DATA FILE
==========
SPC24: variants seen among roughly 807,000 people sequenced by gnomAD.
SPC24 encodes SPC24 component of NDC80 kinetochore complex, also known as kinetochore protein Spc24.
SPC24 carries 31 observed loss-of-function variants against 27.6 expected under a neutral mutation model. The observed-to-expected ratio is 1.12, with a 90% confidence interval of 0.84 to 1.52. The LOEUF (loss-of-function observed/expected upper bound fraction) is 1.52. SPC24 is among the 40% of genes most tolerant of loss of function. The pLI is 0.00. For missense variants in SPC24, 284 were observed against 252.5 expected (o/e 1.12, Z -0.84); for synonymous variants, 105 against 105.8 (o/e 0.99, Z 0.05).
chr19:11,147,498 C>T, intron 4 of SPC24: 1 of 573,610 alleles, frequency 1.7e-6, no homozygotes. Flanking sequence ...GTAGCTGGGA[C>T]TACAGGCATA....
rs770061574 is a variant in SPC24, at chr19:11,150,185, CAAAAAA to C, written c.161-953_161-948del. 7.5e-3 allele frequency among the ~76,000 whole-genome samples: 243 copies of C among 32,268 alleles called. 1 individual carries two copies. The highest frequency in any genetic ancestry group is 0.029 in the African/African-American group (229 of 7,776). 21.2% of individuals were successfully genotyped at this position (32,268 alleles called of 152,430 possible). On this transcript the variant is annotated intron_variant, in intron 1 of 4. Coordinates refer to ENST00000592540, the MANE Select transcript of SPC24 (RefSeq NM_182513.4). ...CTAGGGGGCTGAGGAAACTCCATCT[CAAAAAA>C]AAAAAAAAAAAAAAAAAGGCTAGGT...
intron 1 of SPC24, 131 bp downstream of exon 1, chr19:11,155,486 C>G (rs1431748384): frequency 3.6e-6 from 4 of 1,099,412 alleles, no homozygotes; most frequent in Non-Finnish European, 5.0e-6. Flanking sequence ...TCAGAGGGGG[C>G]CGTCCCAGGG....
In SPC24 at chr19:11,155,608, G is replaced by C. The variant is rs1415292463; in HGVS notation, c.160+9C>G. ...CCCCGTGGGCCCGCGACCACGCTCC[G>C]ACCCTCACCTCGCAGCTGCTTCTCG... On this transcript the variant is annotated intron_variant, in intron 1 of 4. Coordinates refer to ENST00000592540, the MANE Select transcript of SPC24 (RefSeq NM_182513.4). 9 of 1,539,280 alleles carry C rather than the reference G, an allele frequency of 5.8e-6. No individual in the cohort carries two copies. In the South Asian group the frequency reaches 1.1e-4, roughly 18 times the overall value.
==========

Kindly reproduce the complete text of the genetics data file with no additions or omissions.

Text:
SPC24: variants seen among roughly 807,000 people sequenced by gnomAD.
SPC24 encodes SPC24 component of NDC80 kinetochore complex, also known as kinetochore protein Spc24.
SPC24 carries 31 observed loss-of-function variants against 27.6 expected under a neutral mutation model. The observed-to-expected ratio is 1.12, with a 90% confidence interval of 0.84 to 1.52. The LOEUF (loss-of-function observed/expected upper bound fraction) is 1.52. SPC24 is among the 40% of genes most tolerant of loss of function. The pLI is 0.00. For missense variants in SPC24, 284 were observed against 252.5 expected (o/e 1.12, Z -0.84); for synonymous variants, 105 against 105.8 (o/e 0.99, Z 0.05).
chr19:11,147,498 C>T, intron 4 of SPC24: 1 of 573,610 alleles, frequency 1.7e-6, no homozygotes. Flanking sequence ...GTAGCTGGGA[C>T]TACAGGCATA....
rs770061574 is a variant in SPC24, at chr19:11,150,185, CAAAAAA to C, written c.161-953_161-948del. 7.5e-3 allele frequency among the ~76,000 whole-genome samples: 243 copies of C among 32,268 alleles called. 1 individual carries two copies. The highest frequency in any genetic ancestry group is 0.029 in the African/African-American group (229 of 7,776). 21.2% of individuals were successfully genotyped at this position (32,268 alleles called of 152,430 possible). On this transcript the variant is annotated intron_variant, in intron 1 of 4. Coordinates refer to ENST00000592540, the MANE Select transcript of SPC24 (RefSeq NM_182513.4). ...CTAGGGGGCTGAGGAAACTCCATCT[CAAAAAA>C]AAAAAAAAAAAAAAAAAGGCTAGGT...
intron 1 of SPC24, 131 bp downstream of exon 1, chr19:11,155,486 C>G (rs1431748384): frequency 3.6e-6 from 4 of 1,099,412 alleles, no homozygotes; most frequent in Non-Finnish European, 5.0e-6. Flanking sequence ...TCAGAGGGGG[C>G]CGTCCCAGGG....
In SPC24 at chr19:11,155,608, G is replaced by C. The variant is rs1415292463; in HGVS notation, c.160+9C>G. ...CCCCGTGGGCCCGCGACCACGCTCC[G>C]ACCCTCACCTCGCAGCTGCTTCTCG... On this transcript the variant is annotated intron_variant, in intron 1 of 4. Coordinates refer to ENST00000592540, the MANE Select transcript of SPC24 (RefSeq NM_182513.4). 9 of 1,539,280 alleles carry C rather than the reference G, an allele frequency of 5.8e-6. No individual in the cohort carries two copies. In the South Asian group the frequency reaches 1.1e-4, roughly 18 times the overall value.